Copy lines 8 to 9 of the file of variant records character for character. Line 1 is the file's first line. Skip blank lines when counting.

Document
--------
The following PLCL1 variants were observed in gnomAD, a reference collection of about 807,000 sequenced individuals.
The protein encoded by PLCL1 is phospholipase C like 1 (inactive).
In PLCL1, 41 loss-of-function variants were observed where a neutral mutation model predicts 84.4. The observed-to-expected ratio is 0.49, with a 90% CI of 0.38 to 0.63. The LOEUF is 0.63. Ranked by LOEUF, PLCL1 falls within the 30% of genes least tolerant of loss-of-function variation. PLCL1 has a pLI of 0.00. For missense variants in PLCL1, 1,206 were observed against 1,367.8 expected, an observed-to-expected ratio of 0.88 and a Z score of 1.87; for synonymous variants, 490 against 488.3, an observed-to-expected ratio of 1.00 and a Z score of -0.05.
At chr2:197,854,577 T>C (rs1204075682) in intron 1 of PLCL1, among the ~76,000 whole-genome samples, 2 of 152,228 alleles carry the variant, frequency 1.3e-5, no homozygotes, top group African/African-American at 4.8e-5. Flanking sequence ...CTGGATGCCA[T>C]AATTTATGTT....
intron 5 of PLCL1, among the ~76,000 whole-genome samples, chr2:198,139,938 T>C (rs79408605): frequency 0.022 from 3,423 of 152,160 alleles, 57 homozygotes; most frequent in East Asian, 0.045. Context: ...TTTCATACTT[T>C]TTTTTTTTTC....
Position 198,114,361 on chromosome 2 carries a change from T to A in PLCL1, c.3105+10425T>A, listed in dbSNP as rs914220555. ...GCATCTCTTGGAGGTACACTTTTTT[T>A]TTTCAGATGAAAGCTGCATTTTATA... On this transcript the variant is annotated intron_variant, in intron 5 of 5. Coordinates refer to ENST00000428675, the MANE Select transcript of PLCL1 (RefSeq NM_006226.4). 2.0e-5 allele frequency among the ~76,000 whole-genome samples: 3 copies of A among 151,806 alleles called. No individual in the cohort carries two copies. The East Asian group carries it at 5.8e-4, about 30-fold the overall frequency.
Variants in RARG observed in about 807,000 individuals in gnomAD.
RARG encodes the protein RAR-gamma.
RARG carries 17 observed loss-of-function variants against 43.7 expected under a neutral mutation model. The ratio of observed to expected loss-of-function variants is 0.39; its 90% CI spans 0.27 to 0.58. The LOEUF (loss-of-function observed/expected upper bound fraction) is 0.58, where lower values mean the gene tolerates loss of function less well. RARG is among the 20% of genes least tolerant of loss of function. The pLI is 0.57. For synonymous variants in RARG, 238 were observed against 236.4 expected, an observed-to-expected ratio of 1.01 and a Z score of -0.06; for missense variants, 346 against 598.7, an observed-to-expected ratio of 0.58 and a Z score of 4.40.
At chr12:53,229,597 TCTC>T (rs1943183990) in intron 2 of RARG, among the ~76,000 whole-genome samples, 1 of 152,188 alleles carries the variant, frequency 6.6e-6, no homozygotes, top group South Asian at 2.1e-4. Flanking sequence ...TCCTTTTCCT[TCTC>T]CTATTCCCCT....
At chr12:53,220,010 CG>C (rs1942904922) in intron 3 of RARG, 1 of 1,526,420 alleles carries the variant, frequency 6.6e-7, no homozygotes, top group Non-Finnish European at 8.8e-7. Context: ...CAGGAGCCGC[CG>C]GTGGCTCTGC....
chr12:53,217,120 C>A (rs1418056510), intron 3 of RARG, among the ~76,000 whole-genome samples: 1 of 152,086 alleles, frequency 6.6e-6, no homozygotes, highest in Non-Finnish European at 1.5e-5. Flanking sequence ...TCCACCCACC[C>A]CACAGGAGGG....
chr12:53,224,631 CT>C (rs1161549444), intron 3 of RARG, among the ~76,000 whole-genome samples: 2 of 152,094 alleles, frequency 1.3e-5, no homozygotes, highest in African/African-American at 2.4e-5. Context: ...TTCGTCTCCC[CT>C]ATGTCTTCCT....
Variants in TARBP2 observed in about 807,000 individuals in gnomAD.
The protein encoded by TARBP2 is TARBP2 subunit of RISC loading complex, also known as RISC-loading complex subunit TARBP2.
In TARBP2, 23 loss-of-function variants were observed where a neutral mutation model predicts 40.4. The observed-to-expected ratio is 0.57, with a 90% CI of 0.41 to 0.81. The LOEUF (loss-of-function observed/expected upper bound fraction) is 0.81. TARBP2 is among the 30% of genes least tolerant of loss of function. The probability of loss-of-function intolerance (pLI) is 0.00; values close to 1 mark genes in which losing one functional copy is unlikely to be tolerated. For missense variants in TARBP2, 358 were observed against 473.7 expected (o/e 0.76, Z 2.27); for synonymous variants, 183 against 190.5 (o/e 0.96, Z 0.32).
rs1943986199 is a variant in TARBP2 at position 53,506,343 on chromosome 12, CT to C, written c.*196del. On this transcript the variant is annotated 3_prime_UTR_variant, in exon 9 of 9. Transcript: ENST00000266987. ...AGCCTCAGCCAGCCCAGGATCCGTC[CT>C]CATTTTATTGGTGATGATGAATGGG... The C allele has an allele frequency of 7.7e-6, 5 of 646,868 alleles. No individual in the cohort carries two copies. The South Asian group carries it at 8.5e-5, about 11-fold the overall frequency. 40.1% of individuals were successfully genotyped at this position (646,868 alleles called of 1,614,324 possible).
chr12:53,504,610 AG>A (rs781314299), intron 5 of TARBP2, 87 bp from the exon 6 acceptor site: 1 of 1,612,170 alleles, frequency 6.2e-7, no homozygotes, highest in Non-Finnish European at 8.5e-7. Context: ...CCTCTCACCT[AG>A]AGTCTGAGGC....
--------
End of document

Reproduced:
RARG encodes the protein RAR-gamma.
RARG carries 17 observed loss-of-function variants against 43.7 expected under a neutral mutation model. The ratio of observed to expected loss-of-function variants is 0.39; its 90% CI spans 0.27 to 0.58. The LOEUF (loss-of-function observed/expected upper bound fraction) is 0.58, where lower values mean the gene tolerates loss of function less well. RARG is among the 20% of genes least tolerant of loss of function. The pLI is 0.57. For synonymous variants in RARG, 238 were observed against 236.4 expected, an observed-to-expected ratio of 1.01 and a Z score of -0.06; for missense variants, 346 against 598.7, an observed-to-expected ratio of 0.58 and a Z score of 4.40.